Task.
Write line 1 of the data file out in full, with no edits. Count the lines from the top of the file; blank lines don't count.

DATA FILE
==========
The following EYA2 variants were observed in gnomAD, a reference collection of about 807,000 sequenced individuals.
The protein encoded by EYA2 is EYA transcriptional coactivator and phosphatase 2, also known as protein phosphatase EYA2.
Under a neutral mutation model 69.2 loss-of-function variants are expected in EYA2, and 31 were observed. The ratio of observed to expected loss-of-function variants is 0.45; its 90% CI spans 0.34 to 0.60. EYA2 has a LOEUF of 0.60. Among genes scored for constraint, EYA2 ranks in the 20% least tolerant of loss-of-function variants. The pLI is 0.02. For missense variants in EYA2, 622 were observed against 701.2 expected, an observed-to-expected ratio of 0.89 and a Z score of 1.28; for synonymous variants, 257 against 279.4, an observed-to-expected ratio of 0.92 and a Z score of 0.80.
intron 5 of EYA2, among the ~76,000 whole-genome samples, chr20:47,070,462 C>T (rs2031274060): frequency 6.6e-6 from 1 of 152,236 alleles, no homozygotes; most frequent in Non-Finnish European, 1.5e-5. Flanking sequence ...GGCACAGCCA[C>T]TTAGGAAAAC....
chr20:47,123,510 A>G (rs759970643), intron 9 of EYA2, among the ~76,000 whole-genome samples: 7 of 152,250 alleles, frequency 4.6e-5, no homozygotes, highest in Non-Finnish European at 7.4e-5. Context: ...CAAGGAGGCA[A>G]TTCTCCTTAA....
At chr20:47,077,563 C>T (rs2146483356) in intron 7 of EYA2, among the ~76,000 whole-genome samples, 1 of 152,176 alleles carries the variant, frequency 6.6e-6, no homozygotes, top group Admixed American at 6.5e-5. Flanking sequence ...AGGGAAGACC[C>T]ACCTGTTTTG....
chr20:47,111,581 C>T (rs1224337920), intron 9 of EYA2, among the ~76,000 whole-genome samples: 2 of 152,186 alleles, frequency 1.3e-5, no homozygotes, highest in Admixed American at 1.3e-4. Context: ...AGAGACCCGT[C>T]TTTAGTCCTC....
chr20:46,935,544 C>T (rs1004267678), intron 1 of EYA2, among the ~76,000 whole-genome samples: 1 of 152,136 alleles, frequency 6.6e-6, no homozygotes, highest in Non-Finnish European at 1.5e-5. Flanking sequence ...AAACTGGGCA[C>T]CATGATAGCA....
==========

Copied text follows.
The following EYA2 variants were observed in gnomAD, a reference collection of about 807,000 sequenced individuals.